Steel Cans

Steel containers may have originated in 14th century Bohemia. In 1809, a Frenchman invented a process to package preserved food in cans. Three years later, tinplated cans were produced in Britain. In 1938, the first steel beer can was produced.

Steel cans are made from tinplate steel, which is produced in basic oxygen furnaces. A thin layer of tin is applied to the can's inner and outer surfaces to prevent rusting and to protect food and beverage flavors. As a result, steel cans are often called “tin cans.” However, a chromium wash is replacing tin in the can-making process.

Most steel cans are used for food products, followed by paint, aerosols and other products. Steel cans account for more than 90 percent of food cans. More than 600 shapes, styles and sizes of containers are used. The steel can recycling rate has skyrocketed, but the amount and percentage of steel cans in municipal solid waste has declined dramatically in the last 40 years due to lightweight aluminum and plastic containers replacing steel cans.

Electric arc furnaces primarily use scrap steel, while basic oxygen furnaces primarily use virgin raw materials.

Chaz Miller is state programs director for the National Solid Wastes Management Association, Washington, D.C. E-mail the author at: [email protected].

Steel Can Municipal Solid Waste (MSW) Facts:


  • 2.6 million tons or 1.1% by weight.*
  • 17.92 lbs. per person.*
  • 29.5 billion cans, or 100 per person.
  • An average can weighs 2.3 oz.


  • 1.56 million tons or a 60% recycling rate.*

  • 63% rate in 2005 (industry data).

Recycled Content:

  • Steel cans produced in a basic oxygen furnace can have up to 30% recycled content. Steel products produced in an electric arc furnace can have almost 100% recycled content.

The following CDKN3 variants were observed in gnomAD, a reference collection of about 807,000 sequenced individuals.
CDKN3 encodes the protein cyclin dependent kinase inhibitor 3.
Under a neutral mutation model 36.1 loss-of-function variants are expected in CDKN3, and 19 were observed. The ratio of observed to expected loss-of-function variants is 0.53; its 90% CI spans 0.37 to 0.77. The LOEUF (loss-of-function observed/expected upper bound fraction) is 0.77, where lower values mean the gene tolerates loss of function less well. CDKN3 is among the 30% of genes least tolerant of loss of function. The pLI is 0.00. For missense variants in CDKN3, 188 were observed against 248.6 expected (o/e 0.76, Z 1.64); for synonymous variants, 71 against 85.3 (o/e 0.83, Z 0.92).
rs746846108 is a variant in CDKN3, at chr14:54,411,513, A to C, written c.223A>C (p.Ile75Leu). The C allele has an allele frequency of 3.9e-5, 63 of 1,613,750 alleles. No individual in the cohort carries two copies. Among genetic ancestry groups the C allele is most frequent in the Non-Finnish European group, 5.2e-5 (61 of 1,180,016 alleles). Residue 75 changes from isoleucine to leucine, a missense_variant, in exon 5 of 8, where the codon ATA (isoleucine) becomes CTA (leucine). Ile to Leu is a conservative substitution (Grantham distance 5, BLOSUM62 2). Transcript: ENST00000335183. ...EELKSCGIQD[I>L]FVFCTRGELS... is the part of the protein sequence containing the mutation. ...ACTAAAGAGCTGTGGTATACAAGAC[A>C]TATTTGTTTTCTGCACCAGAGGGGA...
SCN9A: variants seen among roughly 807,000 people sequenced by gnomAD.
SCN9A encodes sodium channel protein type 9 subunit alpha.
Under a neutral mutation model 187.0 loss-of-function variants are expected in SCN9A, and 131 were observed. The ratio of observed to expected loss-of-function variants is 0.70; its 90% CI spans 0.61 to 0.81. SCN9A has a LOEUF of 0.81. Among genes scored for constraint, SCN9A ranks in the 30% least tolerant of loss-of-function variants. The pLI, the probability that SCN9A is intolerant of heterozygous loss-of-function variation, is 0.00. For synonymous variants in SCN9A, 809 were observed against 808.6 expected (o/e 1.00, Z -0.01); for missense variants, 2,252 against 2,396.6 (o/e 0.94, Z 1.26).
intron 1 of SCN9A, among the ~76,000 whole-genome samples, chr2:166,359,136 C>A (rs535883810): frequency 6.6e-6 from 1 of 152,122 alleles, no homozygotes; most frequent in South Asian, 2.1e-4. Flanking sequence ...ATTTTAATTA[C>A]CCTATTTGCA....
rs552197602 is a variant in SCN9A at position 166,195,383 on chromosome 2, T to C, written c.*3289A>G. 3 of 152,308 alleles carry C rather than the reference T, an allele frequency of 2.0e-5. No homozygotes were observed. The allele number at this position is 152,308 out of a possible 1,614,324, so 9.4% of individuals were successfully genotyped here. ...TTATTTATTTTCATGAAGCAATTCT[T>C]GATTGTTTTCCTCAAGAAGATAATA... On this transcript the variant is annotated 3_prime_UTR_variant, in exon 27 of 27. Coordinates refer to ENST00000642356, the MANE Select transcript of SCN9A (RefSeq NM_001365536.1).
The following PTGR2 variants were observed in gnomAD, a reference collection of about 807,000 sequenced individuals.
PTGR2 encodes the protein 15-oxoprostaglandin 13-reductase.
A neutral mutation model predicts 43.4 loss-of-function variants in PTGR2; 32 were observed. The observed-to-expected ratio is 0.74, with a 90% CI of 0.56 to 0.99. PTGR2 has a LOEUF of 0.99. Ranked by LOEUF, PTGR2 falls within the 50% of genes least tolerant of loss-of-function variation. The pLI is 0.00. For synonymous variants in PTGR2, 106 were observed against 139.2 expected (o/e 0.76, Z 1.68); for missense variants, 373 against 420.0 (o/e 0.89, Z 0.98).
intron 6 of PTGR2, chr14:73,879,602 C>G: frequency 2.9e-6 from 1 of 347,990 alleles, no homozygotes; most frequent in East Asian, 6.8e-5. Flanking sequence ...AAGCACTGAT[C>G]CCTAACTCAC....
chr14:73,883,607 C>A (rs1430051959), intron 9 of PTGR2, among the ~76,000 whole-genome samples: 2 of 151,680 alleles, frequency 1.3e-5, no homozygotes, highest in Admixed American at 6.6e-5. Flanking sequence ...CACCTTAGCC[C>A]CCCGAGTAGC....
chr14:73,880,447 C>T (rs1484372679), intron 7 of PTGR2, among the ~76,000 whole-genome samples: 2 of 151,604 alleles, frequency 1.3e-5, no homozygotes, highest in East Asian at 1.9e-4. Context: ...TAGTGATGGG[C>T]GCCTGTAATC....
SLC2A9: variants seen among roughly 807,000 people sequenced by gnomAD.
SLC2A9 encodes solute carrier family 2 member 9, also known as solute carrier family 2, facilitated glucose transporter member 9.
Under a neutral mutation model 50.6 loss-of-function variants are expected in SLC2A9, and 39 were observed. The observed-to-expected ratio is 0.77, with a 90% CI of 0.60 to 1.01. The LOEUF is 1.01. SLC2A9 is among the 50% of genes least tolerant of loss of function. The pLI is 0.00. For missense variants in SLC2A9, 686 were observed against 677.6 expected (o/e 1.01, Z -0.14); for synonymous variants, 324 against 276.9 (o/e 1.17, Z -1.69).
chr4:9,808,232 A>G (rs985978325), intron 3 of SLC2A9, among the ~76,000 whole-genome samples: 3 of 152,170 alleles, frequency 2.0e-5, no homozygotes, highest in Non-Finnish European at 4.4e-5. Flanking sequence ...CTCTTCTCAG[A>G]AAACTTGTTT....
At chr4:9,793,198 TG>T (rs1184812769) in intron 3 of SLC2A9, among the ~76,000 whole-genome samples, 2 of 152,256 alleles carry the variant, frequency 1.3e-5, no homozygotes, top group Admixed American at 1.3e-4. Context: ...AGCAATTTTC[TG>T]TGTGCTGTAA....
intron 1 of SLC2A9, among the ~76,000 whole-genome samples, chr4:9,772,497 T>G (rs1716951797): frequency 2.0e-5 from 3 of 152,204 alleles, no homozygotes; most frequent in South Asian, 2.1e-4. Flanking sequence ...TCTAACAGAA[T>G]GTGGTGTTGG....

• Steel cans do not compost.

  • Steel cans rust and are biodegradable when exposed to the elements.

Incinerated or Landfilled:

  • 1.04 million tons or 0.6% of discarded MSW by weight.*

  • Noncombustible.

  • Magnets remove steel cans from incineration.

Landfill Volume:

  • 4.03 million cubic yards in 1997.
  • 1% of landfilled MSW in 1997.


  • Whole, unflattened steel cans weigh 150 lbs./cu. yd.

  • Baled cans weigh 850 lbs./cu.yd.

  • Landfilled cans weigh 560 lbs./cu.yd.

Source Reduction:

  • Steel cans have one-third less metal than 20 years ago.

  • Tinplate thickness reduced by 30% in the last 25 years.

Recycling Markets:

  • Steel mills are the largest market.

  • The basic oxygen process makes tinplate, appliances, car bodies and steel framing.

  • Electric arc furnaces make steel shapes such as railroad ties and bridge spans.

  • Detinners remove tin from steel cans.

  • Foundries use scrap to make castings and molds.

End-Market Specifications:

  • ISRI Ferrous Scrap Guidelines FS 213, “Steel Can Bundles.”

  • Cans may be baled without removal of paper labels, but must be free of other non-metallics.

  • Non-ferrous metals and large pieces of plastic can create safety and production problems in a steel furnace.


American Iron & Steel Institute, Washington, D.C.,

“Municipal Solid Waste in the United States: 2001 Facts and Figures,” U.S. EPA, Washington, D.C.,

National Recycling Coalition, “Measurement Standards and Reporting Guidelines,” Alexandria, Va.,

“Scrap Specifications Circular 2004,” Institute of Scrap Recycling Industries, Washington, D.C.,

Steel Recycling Institute, Pittsburgh,

*2003 EPA estimates.